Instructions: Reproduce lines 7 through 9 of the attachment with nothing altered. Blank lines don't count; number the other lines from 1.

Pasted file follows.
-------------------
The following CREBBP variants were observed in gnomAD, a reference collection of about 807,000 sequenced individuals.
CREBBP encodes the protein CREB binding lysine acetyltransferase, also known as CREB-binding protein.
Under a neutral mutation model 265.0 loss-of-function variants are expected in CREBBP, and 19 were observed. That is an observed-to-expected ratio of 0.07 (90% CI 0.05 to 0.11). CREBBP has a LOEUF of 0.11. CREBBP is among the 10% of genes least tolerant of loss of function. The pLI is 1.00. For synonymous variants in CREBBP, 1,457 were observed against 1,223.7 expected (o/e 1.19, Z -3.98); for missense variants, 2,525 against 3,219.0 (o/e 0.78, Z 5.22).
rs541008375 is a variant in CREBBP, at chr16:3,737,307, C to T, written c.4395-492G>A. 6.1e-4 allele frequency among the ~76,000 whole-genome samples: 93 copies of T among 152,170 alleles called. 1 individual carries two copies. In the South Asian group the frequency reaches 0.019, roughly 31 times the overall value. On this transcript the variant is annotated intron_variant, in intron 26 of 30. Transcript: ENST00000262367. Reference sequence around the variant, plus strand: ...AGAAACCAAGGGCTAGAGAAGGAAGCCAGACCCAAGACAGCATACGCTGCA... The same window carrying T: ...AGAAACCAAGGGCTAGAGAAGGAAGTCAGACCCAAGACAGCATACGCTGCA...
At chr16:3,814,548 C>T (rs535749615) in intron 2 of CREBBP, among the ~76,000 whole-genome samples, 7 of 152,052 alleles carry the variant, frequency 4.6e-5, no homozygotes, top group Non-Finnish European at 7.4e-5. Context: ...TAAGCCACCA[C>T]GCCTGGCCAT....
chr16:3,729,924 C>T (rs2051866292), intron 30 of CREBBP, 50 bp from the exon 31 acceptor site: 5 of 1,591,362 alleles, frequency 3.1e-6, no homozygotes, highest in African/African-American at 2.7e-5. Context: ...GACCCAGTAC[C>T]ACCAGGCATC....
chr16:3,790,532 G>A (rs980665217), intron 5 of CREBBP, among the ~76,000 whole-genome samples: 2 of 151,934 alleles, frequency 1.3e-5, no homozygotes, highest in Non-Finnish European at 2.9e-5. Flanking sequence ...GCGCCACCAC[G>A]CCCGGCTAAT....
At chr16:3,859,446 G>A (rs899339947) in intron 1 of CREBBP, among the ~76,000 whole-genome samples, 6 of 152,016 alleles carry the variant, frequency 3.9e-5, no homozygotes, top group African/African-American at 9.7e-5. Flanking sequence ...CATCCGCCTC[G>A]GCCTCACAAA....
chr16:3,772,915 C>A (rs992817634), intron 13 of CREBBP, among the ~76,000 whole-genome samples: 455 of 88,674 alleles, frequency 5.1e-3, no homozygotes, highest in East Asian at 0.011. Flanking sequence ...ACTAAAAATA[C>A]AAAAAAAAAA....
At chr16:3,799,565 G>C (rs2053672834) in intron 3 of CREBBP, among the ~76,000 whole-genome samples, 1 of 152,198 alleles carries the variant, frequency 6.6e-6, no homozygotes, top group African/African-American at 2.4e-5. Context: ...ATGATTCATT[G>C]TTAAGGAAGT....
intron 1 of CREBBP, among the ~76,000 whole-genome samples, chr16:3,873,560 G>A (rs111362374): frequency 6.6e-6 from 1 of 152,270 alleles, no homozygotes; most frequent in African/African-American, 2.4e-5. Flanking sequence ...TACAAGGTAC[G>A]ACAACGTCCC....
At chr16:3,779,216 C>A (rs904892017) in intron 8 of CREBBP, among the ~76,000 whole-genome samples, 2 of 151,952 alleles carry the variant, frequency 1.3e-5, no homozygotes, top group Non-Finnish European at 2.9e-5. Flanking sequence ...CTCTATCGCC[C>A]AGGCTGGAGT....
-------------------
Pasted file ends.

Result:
chr16:3,790,532 G>A (rs980665217), intron 5 of CREBBP, among the ~76,000 whole-genome samples: 2 of 151,934 alleles, frequency 1.3e-5, no homozygotes, highest in Non-Finnish European at 2.9e-5. Flanking sequence ...GCGCCACCAC[G>A]CCCGGCTAAT....
At chr16:3,859,446 G>A (rs899339947) in intron 1 of CREBBP, among the ~76,000 whole-genome samples, 6 of 152,016 alleles carry the variant, frequency 3.9e-5, no homozygotes, top group African/African-American at 9.7e-5. Flanking sequence ...CATCCGCCTC[G>A]GCCTCACAAA....
chr16:3,772,915 C>A (rs992817634), intron 13 of CREBBP, among the ~76,000 whole-genome samples: 455 of 88,674 alleles, frequency 5.1e-3, no homozygotes, highest in East Asian at 0.011. Flanking sequence ...ACTAAAAATA[C>A]AAAAAAAAAA....